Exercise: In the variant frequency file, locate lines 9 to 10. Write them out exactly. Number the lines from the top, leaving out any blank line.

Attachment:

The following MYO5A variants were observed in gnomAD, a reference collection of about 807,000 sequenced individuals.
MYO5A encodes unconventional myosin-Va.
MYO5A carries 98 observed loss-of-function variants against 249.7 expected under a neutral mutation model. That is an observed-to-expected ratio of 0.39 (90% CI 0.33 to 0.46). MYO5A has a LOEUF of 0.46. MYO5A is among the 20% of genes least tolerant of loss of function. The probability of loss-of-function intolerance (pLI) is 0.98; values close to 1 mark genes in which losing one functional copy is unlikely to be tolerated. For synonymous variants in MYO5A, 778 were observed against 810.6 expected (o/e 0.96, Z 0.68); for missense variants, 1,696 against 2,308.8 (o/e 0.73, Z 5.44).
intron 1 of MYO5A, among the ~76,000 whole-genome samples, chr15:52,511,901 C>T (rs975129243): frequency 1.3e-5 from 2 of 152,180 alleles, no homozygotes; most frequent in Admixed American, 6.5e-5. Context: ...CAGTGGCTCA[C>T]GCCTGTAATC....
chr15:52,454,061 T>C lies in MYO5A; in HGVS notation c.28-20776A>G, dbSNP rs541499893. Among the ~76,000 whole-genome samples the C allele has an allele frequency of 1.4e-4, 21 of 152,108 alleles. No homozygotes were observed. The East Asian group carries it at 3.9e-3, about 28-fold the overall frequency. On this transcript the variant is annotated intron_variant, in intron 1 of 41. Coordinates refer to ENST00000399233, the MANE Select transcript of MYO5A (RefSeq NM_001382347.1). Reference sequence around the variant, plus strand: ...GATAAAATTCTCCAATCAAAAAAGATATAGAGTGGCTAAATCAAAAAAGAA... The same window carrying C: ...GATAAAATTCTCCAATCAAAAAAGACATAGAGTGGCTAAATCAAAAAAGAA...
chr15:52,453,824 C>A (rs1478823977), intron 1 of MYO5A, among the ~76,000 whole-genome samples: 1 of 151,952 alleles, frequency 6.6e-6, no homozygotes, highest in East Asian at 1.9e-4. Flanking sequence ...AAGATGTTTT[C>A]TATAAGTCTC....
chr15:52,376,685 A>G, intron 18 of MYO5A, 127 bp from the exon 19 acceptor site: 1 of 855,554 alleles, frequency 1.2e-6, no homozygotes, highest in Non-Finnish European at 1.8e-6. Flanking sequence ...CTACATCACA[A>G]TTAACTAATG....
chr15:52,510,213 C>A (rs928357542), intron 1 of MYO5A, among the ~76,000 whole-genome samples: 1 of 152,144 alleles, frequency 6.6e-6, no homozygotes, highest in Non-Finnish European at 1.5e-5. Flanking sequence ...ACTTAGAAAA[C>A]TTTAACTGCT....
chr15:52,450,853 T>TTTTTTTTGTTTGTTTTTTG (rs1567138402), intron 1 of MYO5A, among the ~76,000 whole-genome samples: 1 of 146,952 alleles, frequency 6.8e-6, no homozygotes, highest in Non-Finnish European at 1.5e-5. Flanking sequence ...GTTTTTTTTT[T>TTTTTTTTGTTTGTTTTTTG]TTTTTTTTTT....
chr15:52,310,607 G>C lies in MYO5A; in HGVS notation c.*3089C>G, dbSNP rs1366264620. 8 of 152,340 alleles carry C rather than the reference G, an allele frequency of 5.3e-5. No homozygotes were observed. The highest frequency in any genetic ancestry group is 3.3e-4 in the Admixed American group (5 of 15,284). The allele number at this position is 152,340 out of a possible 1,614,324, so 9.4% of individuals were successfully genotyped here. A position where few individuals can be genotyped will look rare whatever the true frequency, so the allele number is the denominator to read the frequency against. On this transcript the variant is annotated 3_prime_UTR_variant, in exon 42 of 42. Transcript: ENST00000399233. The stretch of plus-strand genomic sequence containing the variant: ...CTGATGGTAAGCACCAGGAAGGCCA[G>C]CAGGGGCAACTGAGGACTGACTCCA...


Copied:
chr15:52,450,853 T>TTTTTTTTGTTTGTTTTTTG (rs1567138402), intron 1 of MYO5A, among the ~76,000 whole-genome samples: 1 of 146,952 alleles, frequency 6.8e-6, no homozygotes, highest in Non-Finnish European at 1.5e-5. Flanking sequence ...GTTTTTTTTT[T>TTTTTTTTGTTTGTTTTTTG]TTTTTTTTTT....
chr15:52,310,607 G>C lies in MYO5A; in HGVS notation c.*3089C>G, dbSNP rs1366264620. 8 of 152,340 alleles carry C rather than the reference G, an allele frequency of 5.3e-5. No homozygotes were observed. The highest frequency in any genetic ancestry group is 3.3e-4 in the Admixed American group (5 of 15,284). The allele number at this position is 152,340 out of a possible 1,614,324, so 9.4% of individuals were successfully genotyped here. A position where few individuals can be genotyped will look rare whatever the true frequency, so the allele number is the denominator to read the frequency against. On this transcript the variant is annotated 3_prime_UTR_variant, in exon 42 of 42. Transcript: ENST00000399233. The stretch of plus-strand genomic sequence containing the variant: ...CTGATGGTAAGCACCAGGAAGGCCA[G>C]CAGGGGCAACTGAGGACTGACTCCA...